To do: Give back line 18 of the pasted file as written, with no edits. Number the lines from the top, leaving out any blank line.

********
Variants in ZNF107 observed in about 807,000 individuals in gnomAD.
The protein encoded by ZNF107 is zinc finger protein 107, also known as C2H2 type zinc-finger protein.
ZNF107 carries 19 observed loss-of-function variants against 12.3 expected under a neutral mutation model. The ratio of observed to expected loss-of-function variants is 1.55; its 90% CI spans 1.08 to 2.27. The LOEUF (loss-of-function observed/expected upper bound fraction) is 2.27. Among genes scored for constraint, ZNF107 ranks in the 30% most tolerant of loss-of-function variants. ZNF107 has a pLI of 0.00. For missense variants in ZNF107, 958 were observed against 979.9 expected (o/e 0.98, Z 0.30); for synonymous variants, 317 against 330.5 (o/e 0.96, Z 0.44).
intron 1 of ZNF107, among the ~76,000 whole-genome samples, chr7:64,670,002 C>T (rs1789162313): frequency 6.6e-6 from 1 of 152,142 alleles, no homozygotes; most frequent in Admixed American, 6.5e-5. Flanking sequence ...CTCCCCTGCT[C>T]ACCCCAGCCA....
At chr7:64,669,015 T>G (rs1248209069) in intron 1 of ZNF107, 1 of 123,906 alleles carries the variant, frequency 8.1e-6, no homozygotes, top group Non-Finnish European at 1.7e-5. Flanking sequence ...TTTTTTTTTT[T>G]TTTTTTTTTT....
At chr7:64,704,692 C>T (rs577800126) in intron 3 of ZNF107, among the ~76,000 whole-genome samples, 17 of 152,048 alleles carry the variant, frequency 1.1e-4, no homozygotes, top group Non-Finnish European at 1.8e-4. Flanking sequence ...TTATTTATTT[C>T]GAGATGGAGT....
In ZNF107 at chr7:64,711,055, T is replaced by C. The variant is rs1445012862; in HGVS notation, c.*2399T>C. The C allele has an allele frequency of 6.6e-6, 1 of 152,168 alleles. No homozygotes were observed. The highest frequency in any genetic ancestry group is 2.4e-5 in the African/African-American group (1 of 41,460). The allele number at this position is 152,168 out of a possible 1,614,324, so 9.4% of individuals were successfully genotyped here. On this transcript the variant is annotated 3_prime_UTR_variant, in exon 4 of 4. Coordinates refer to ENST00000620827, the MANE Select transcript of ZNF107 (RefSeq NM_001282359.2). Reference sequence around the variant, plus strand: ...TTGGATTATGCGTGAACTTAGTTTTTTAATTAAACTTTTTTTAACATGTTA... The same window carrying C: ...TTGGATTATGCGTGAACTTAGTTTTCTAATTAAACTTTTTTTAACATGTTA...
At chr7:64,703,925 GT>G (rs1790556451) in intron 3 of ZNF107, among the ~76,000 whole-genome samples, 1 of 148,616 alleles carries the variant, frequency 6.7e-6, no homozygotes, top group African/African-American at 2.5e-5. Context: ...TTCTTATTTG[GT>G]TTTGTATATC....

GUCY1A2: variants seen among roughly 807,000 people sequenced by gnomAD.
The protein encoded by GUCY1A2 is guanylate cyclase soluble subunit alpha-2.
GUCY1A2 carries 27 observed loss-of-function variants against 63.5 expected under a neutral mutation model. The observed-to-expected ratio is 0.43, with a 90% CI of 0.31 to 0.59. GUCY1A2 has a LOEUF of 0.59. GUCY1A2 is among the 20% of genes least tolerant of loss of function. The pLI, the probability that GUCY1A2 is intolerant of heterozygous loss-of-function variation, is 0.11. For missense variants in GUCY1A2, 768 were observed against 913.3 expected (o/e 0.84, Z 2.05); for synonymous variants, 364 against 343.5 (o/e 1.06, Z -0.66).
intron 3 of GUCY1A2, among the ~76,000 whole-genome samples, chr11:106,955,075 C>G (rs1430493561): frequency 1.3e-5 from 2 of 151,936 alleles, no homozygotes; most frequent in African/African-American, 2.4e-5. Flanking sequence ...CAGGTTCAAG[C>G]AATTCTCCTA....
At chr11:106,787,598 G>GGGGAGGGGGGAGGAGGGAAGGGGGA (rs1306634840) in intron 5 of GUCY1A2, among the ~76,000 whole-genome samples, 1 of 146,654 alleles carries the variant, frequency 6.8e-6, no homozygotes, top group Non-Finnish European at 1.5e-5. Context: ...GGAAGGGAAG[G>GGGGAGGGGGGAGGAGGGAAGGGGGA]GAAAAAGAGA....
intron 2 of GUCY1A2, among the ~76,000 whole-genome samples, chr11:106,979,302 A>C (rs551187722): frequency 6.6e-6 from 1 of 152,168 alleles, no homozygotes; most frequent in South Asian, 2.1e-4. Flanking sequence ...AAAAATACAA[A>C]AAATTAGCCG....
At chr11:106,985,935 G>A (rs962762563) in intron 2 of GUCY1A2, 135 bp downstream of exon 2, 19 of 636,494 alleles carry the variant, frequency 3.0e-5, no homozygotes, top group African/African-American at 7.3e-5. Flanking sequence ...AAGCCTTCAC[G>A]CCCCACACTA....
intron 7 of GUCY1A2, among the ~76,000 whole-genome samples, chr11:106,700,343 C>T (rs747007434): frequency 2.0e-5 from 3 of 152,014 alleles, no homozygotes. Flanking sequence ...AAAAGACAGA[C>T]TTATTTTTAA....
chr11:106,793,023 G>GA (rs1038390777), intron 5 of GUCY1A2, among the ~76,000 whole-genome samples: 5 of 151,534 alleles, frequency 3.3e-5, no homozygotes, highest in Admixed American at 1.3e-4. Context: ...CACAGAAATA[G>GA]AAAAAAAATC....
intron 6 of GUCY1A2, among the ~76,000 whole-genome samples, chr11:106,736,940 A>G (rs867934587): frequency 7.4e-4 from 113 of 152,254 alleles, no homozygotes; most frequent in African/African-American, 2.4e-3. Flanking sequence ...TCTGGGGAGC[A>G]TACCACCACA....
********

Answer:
intron 6 of GUCY1A2, among the ~76,000 whole-genome samples, chr11:106,736,940 A>G (rs867934587): frequency 7.4e-4 from 113 of 152,254 alleles, no homozygotes; most frequent in African/African-American, 2.4e-3. Flanking sequence ...TCTGGGGAGC[A>G]TACCACCACA....